John W. Hall

Considered one of this past century’s finest scholars of the history of Japan, John Whitney Hall was born in Tokyo in 1916 and developed an interest in Japanese language, culture, and history at an early age.  After receiving his Ph.D. in East Asian Languages and Literatures at Harvard, Hall began his academic career at the University of Michigan in 1949 and came to Yale in 1961 as A. Whitney Griswold Professor of History, a position he held until his retirement in 1983.  He was a leading figure at Yale, where he served as Master of Morse College and as Chair of the Council on East Asian Studies and the Department of History. 

Professor Hall specialized in the Ashikaga through Late Tokugawa periods, and throughout his career he wrote or edited some of the most important and influential volumes on Japanese history, including Government and Local Power in Japan, 500 to 1700.  He contributed to the study of Japan through not only his writing, but also through service as chair of several local and national committees, including the Japan-U.S. Friendship Commission, the Association for Asian Studies, and the American Council of Learned Societies-Social Science Research Council (ACLS-SSRC) Joint Committee on Japanese Studies.

The John W. Hall Lecture Series in Japanese Studies was established in 1999 with generous support from Mrs. Robin Hall in memory of her husband.  The Council on East Asian Studies hopes the Hall Lecture series will enable young and old scholars alike to remember John Whitney Hall’s work and contributions to the study of Japan.

John W. Hall Lectures in Japanese Studies

2015-2016

T.J. Pempel​, Jack M. Forcey Professor of Political Science, University of California, Berkeley

“Dismantling Developmentalism: Japan’s Political and Economic Struggles After Achieving Success”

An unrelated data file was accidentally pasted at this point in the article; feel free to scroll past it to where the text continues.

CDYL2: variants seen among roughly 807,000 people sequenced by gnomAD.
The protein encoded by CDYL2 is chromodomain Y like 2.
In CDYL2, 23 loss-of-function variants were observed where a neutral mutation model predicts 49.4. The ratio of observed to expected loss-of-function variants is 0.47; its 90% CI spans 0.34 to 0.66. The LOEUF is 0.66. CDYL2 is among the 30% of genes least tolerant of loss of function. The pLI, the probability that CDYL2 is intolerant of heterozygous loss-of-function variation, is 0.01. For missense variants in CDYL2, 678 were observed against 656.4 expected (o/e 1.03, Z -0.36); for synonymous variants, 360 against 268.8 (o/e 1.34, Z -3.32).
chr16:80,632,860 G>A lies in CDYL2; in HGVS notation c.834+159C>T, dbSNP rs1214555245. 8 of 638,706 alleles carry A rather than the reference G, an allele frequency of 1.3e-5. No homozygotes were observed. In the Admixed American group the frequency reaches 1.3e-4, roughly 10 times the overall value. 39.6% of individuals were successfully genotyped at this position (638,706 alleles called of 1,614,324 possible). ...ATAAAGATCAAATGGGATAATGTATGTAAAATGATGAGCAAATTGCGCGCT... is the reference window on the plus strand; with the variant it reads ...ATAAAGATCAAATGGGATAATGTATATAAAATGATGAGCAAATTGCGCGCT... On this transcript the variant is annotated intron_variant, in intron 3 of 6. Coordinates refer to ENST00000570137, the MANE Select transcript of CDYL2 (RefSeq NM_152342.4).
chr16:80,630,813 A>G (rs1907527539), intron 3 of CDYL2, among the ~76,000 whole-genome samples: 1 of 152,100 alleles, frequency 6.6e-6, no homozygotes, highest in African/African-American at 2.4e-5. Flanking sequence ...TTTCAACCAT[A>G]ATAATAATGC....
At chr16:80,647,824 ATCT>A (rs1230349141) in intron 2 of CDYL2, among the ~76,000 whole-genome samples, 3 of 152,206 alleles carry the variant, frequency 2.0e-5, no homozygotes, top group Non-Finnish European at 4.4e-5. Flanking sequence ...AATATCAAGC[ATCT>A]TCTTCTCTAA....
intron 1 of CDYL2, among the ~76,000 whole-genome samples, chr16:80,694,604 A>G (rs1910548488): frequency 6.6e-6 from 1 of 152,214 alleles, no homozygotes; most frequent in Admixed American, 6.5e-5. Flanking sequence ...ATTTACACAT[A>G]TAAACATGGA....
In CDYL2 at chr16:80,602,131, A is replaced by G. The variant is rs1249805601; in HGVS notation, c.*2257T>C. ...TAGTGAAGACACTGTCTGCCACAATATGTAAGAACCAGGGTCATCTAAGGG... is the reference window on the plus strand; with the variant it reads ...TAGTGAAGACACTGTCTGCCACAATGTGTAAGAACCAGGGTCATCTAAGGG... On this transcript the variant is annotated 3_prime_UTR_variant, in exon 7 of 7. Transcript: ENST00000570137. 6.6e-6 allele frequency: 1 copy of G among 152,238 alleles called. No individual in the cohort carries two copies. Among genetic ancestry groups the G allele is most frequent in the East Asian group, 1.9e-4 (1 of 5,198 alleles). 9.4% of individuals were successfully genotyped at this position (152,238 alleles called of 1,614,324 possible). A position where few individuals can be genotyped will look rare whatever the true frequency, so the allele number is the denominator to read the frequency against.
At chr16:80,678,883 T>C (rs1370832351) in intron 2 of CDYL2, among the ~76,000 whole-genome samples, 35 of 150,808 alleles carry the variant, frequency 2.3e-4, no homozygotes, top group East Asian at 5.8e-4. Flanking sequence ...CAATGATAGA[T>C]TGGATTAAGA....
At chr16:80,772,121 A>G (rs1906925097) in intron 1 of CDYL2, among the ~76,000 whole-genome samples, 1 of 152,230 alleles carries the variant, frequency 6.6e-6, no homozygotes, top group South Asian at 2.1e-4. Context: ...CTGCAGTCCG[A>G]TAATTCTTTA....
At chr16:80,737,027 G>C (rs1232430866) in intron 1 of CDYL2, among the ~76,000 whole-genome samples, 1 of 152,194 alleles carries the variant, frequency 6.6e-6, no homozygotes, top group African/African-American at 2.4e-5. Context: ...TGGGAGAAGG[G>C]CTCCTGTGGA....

2014-2015

Timon Screech, Professor of the History of Art, SOAS, University of London

“Tokugawa Ieyasu’s Silver Telescope: A Gift from King James I, and the Meaning of Artistic Exchange Between England and Japan, 1613-1623”

2013-2014

Tessa Morris-Suzuki, Professor of Japanese History, School of Culture, History and Language, College of Asia and the Pacific, the Australian National University

“The Ghosts Return: History, Memory and International Tensions Between Japan and Its Neighbours”

2012-2013

Jacqueline Stone, Professor of Japanese Religions, Princeton University

“How Japan Became the World Center: ‘Three Countries’ in the Medieval Religious Imagination”

2011-2012

Nicole Rousmaniere, Director of the Sainsbury Institute for the Study of Japanese Arts and Cultures

“Vessels of Influence: The Formation of the Porcelain Industry in Japan”  

2010-2011

Hiroshi Ishida, Professor, Institute of Social Sciences, The University of Tokyo

“Social Inequality Among Japanese Youth: Education, Work, and Marriage in Contemporary Japan”

2009-2010

Andrew Gordon, Lee and Juliet Folger Fund Professor of History, Harvard University

“Japan’s Wartime Modernity: Sewing and Dress in the Era of Emergency” 

2008-2009

John Owen Haley, William R. Orthwein Distinguished Professor of Law, Washington University

“Rivers and Rice: What Lawyers and Legal Historians Should Know About Medieval Japan”

2007-2008

Katsuhito Iwai, Professor, Economics Faculty, University of Tokyo

“What Will Become of the Japanese Corporation? A Comparative Perspective”

2006-2007

James McClain, Professor of History, Brown University

“Tokyo Modern: Some Preliminary Thoughts on the Significance of the Middle Class in the Twentieth Century”

2005-2006

Helen Hardacre, Reischauer Institute Professor of Japanese Religions and Society, Harvard University

“Japanese Religions and Constitutional Revision”

2004-2005

G. Cameron Hurst, Professor of Japanese and Korean Studies, University of Pennsylvania

“From Martial Skills to Martial Arts: The Transformation of Warrior Military Methods in Tokugawa Japan”

2003-2004

Carol Gluck, George Sansom Professor of History, Columbia University

“After the Shipwreck: New Horizons for History-Writing”

2002-2003

Patricia G. Steinhoff, Professor of Sociology, University of Hawaii

“Who Really Kidnapped Those Japanese to North Korea”

2001-2002

Susan B. Hanley, Professor of Japanese Studies, Henry M. Jackson School of International Studies, University of Washington

“Making the Most of Resources and Space: Reflections on Pre-modern Japan from a Comparative Perspective”

2000-2001

Robert J. Smith, Professor Emeritus of Anthropology, Cornell University

“Time and Ethnology: Long-Term Research in Japan”

1999-2000

Hugh Patrick, Director, School of Business, Columbia University and long-time colleague and friend of Professor Hall, delivered the inaugural lecture:

“Major Japanese Economic Transformations, 1950-2000”